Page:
First, however, I’d like to thank Lorraine Eden, Kathy Lund Dean, and Paul Vaaler for the great work they’ve done over the past few years, providing thoughtful and informative content about ethical issues to the readers of the blog. We’re building on a solid foundation now, thanks to their efforts, and we will no doubt be dipping into the archives every now then for inspiration for upcoming posts. A blog is ideally the site of an ongoing conversation, and we’re very aware that we’re walking into a room that is already filled with vibrant dialogue. Don’t be surprised to see a guest post by one of them every now and then in the months and years to come. We’ll be drawing on all the expertise we have access to.

Going forward, our plan is to post at least once a week (and at most once a day) on a broad range of issues grounded in the Academy of Management Code of Ethics. As most everyone is aware, ethics is not the domain of easy questions, where a clear right and clear wrong can be straightforwardly determined. Rather, there will always be a need to interpret the Code, and what we will be offering here are attempts at such interpretations. In the end, all Academy members will face their own more or less unique ethical dilemmas, and the difficulty in each case will be one of applying the Code’s general principles and standards to their specific circumstances. We can’t make a determination for you, but we can model ethical reasoning by thinking through particular cases in an open and frank manner.

In this, my first, post, then, I’ll show what this means by beginning with a sentences from the Code’s preamble:

AOM members respect and protect civil and human rights and the central importance of freedom of inquiry and expression in research, teaching, and publication.

It’s an important sentence because it is rooted in the Academy’s mission as a organization of scholars. While its members are also often professionals, their ethical orientation is rooted in their identity as researchers and teachers. What this means in practice is that the value of “freedom of inquiry and expression” occupies a central place in our thinking about right and wrong behavior. This is not a trivial issue; it does not apply in all fields. Intelligence professionals, lawyers and engineers, for example, may value discretion, confidentiality and secrecy above freedom of inquiry. This does not make them unethical, and AOM members do of course keep their promises of confidentiality when they give them. The point is simply that a dilemma may arise for them when they do so, and the specific choices within that dilemma are shaped by the high value that a scholar places on the search for the truth. A scholar is uncomfortable–ethically uncomfortable–with any arrangement that restricts his or her freedom of inquiry and expression. As in all things, this is not an absolute principle, but it is an important concern.

I said earlier that we’re going to endeavor to be open and frank here at the Ethicist. The sentence I quoted from the preamble is my attempt to anchor that ambition in the Code, which it is the mandate of the Ethics Education Committee to disseminate. And this will be how we proceed from week to week. (On Friday I’ll look at our General Principles.) The idea is to use the blog to reflect on the best way to present the issues that the Code addresses. And this means that the blog will also be a site for the development of our contribution to the Professional Development Workshops at the Academy’s meetings. Not only will you be able to get a good sense of what the committee is up to, you’ll be able to influence our thinking.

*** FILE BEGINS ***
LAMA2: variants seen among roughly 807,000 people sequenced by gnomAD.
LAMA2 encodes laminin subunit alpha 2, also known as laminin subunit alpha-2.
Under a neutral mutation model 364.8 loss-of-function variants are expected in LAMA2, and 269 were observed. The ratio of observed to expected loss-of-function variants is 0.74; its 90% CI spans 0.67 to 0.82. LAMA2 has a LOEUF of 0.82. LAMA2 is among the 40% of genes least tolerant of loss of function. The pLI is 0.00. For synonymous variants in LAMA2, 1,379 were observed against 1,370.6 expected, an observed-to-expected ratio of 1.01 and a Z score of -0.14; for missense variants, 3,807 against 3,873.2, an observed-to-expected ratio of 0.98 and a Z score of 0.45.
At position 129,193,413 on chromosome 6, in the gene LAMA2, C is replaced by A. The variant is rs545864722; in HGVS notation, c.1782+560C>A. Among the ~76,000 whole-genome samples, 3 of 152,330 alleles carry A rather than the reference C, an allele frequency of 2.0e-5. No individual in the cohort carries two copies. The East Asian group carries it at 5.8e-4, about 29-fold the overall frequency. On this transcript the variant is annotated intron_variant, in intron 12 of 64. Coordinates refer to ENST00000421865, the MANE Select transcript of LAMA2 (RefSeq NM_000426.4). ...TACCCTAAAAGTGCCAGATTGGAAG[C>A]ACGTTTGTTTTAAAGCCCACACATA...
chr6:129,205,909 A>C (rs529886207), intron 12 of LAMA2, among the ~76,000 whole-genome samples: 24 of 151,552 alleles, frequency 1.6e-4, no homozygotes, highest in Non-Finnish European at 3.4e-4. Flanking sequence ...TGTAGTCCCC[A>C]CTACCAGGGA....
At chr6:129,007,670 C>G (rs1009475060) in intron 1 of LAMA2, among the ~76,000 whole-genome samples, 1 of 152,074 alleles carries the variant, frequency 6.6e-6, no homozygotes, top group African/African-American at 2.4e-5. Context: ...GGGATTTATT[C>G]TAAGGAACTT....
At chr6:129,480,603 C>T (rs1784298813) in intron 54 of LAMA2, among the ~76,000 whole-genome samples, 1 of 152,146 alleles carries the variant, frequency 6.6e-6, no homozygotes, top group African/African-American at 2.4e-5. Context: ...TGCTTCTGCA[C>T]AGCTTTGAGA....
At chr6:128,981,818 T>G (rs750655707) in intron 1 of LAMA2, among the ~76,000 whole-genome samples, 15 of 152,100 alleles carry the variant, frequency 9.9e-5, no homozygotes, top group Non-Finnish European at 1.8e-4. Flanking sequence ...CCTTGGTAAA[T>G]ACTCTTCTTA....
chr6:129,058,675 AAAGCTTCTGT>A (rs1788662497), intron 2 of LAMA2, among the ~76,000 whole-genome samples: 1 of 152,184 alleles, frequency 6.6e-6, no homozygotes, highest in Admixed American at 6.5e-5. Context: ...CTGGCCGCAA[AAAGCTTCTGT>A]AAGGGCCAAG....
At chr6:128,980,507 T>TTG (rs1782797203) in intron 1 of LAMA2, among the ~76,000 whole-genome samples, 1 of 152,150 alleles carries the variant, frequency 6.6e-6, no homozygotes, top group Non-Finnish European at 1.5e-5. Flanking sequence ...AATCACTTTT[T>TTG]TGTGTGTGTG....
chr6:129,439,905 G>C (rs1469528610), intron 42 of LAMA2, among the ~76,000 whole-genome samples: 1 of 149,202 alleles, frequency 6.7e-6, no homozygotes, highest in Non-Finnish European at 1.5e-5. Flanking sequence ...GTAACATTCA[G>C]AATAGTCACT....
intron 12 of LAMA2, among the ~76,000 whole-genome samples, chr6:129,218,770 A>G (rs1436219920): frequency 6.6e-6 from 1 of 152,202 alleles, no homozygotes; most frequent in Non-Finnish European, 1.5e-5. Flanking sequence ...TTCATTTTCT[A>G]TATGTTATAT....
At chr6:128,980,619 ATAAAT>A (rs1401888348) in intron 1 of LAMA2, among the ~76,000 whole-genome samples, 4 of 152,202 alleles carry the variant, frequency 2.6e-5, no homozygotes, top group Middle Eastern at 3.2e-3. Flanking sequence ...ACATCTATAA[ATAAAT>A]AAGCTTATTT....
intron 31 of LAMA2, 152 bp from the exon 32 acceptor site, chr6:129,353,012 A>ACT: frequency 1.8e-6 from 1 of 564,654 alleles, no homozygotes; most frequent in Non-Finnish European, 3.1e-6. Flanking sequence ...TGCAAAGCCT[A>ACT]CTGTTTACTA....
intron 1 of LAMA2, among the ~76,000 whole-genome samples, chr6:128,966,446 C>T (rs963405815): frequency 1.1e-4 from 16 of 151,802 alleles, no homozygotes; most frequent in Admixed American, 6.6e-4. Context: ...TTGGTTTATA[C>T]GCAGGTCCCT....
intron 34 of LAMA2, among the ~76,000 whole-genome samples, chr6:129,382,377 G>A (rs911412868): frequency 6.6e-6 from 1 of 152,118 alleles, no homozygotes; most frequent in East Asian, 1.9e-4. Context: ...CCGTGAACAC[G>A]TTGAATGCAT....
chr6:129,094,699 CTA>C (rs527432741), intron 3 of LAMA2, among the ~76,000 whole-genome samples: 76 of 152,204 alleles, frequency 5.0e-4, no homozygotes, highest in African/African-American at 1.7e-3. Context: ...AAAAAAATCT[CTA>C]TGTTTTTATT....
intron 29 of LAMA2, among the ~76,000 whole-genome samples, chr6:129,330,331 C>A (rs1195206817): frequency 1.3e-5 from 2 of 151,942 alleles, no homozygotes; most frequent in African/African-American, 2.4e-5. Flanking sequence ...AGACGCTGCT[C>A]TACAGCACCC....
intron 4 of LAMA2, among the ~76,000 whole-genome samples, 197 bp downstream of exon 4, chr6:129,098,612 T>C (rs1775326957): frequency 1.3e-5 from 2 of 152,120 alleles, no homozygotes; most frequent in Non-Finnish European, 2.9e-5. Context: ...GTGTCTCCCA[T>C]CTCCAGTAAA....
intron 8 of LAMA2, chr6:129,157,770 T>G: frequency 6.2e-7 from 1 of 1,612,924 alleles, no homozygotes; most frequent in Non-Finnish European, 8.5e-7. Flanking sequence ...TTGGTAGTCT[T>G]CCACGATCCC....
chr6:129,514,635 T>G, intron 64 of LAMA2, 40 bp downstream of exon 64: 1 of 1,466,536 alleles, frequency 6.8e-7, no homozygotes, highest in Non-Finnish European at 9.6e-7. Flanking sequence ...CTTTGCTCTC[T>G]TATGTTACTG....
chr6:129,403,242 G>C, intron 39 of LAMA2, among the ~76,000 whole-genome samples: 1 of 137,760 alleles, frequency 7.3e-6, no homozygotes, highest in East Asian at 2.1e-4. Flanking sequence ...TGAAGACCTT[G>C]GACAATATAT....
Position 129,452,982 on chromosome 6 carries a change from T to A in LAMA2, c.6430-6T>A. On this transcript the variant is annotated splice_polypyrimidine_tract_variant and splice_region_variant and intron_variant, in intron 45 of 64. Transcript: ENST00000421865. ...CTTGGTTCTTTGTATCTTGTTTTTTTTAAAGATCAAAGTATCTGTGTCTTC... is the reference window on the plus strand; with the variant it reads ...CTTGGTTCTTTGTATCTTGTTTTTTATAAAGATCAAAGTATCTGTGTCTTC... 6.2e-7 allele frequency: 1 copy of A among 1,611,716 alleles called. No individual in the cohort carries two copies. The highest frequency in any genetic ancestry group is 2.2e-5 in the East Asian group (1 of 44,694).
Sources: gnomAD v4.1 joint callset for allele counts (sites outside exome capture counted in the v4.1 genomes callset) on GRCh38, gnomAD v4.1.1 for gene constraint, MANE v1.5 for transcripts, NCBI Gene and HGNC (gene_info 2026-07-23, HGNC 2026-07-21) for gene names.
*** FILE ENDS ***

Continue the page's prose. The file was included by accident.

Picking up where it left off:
For that reason the comments are open. We will be moderating them quite closely, but we have not yet developed a specific commenting policy. Basic principles of respect and decency, of course, apply. But we have a sense that the readers of a blog called the Ethicist will be reasonable people. One decision that we have made is not to let this blog become a place to discuss cases that are not already in the public domain. Like any blog, we will no doubt find much material in the news of the day. But we will confine ourselves to commenting on the news, not breaking it. That goes also for the comments.

Finally, a note on the length of the posts. We’ll be posting more often than has been the case in the past, but they will be significantly shorter.  I’ve just hit 830 words, for example, which is right in the ball park of the length of the posts we’re shooting for. Somewhere between 500 and 1000 words. So, with that promise of keeping it brief, I’ll stop. More on Friday.

In Memoriam: John E. Fleming, PhD

Long before the Ethicist Blog and the Ethics of Research and Publishing Video Series, the Academy’s voice of ethics was embodied in John E. Fleming, Professor Emeritus at University of Southern California.  John was a long-time member of the AOM Ethics Committee and a regular contributor to the Academy of Management Newsletter. John contributed articles about ethics that translated ethics experiences in academe to include vignettes on research, professional life and teaching, much like the topical areas found on the Ethicist Blog.  He recognized that being able to articulate our core shared professional values further builds our ethical culture.  Sadly, John Fleming passed away on February 2, 2014 and while he leaves behind his loving family and many colleagues and friends, his words and contributions about ethics will remain in the Academy’s memory.  You can read John’s full obituary in the March 2014 edition of AcadeMY News.